10 local ramen in JAPAN
Written by aki
In my last post, I introduced the different types of ramen in Japan.
In fact, there are many different types of ramen in Japan, depending on the region.
In this post, we will introduce 10 “local ramen” that you can eat if you visit the area.
1. Sapporo Miso Ramen (Hokkaido)
Sapporo ramen originally had both soy sauce and salt flavors.
However, in the 1950s, miso-flavored ramen was invented with plenty of vegetables, inspired by miso soup, in an attempt to create a nutritious ramen dish.
This new flavor became a hot topic and was well known throughout Japan, establishing the image of Sapporo ramen as being miso-flavored.
The noodles of Sapporo ramen are basically frizzled noodles, which is my impression.
It is an impression of elastic noodles.
Toppings may include plenty of vegetables and corn and butter on top.
Miso and butter go so well together!
2. Kitakata Ramen (Fukushima)
The base of the soup is pork bone soy sauce, which has a very light flavor.
Flat, frizzy, thick noodles are used, and common toppings (chashu pork, green onions, bamboo shoots, etc.) are used.
This ramen has a long history, having been created in 1927.
3. Iekei Ramen(Kanagawa)
Iekei ramen is characterized by a broth made from pork and chicken bones mixed with soy sauce.
The noodles are slightly thicker, and toppings often include seaweed, egg, and chashu pork.
Generally, in the case of Iekei Ramen, they will change the hardness of the noodles, the amount of oil, and the intensity of the flavor according to your preference.
The smell of the savory broth is so appetizing that some people even eat it with rice!
The bright red appearance of this ramen makes a big impact.
The soy sauce-based soup is topped with ingredients stir-fried with rayu and chili peppers.
*Rayu is Japanese Chili Oil.
The region of Katsuura is a town of fishermen.
Katsuura tantanmen was invented as a meal for fishermen on their way home from work during the cold winter months.
I’ve never had ramen that warms you up, I’d love to try it someday!
5.Toyama Black Ramen(Toyama)
Now I introduce the black ramen.
It features a dark-colored broth made by boiling down soy sauce, and it has a tangy flavor due to the black pepper.
Its roots date back to around 1955. Young people engaged in post-war reconstruction projects often did physical labor that required a lot of sweat.
Toyama Black Ramen was invented as a meal to replenish salt.
It looks very rich and salty, but when you try it, it is surprisingly light and easy to eat.
It has a flavor that makes you want to eat rice.
6. Tenri Ramen(Nara)
Tenri ramen is also known as stamina ramen.
The base of the soup is pork and chicken bones, to which soy sauce and spicy sauce are added.
The generous amount of ingredients such as Chinese cabbage and pork, along with the addition of garlic, make this a truly stamina-packed dish.
The appetizing taste is popular among young people who want to eat with gusto.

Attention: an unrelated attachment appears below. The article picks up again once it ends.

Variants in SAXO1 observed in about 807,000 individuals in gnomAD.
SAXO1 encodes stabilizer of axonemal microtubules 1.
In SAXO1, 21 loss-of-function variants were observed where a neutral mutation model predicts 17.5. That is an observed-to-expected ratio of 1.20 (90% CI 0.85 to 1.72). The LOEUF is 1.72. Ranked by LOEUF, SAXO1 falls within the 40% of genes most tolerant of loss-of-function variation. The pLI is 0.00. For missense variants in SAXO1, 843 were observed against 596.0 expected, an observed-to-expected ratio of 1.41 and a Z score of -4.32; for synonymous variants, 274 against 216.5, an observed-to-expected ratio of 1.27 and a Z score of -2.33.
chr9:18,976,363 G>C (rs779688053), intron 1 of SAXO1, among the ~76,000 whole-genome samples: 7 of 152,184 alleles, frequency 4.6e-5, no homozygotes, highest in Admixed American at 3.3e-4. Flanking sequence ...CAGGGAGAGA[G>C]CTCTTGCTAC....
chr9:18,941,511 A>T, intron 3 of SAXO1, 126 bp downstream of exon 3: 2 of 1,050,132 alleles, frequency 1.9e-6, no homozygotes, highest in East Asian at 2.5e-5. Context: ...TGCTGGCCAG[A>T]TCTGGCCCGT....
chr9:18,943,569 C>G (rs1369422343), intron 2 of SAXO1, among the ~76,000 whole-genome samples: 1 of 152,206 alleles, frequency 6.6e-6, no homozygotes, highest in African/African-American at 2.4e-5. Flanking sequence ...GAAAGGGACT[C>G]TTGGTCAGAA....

Wakayama ramen is a type of ramen that has been served in popular restaurants in the region of Wakayama.
The soups are divided into two patterns.
The first is soy sauce-based and has a light flavor, while the second is a slightly thicker tonkotsu (pork bone) soy sauce.
Thin noodles are common.
Wakayama is famous for its soy sauce called “Yuasa,” which has led to the spread of ramen noodles made with soy sauce.
Tokushima ramen comes in three strains of soup.
There is a “brown soup” with a sweet and spicy pork bone and soy sauce flavor, a “yellow soup” made with chicken bones and vegetables, and a “white soup” with a light taste.
Ingredients vary from store to store, but the most common topping is a raw egg.
Raw eggs help to mellow the flavor of thicker soups.
9. Onomichi Ramen(Hiroshima)
Onomichi ramen with soy sauce-based soup, flat noodles, toppings, and minced pork back oil.
The slightly rich flavor and the resilient noodles are a perfect match for the generous portion.
The soup has a deep flavor, partly due to the use of small fish stock.
10. Hakata Ramen(Fukuoka)
Hakata ramen is well known throughout the world.
Many restaurants allow you to refill only the noodles or specify the firmness of the noodles.
Basically, it features a milky white soup made mainly from pork bones and very thin noodles.
By allowing the pork bones to stand slowly, the collagen in the bones is dissolved, resulting in a milky, cloudy soup.
Red ginger and sesame seeds are placed on each table, and customers can add these to their liking to adjust the flavor.
It has a strong pork flavor, and its distinctive smell can make a difference between likes and dislikes.
Was there any ramen you would like to try?
In addition to the ramen introduced here, there are many other local ramen in Japan.
Also, each restaurant has its own specialties in noodles and soups, so be sure to compare them.
By the way, I like ramen with a soup that combines the flavors of seafood and soy sauce.
It’s light, yet has a delicious seafood flavor!
Ramen is so deep!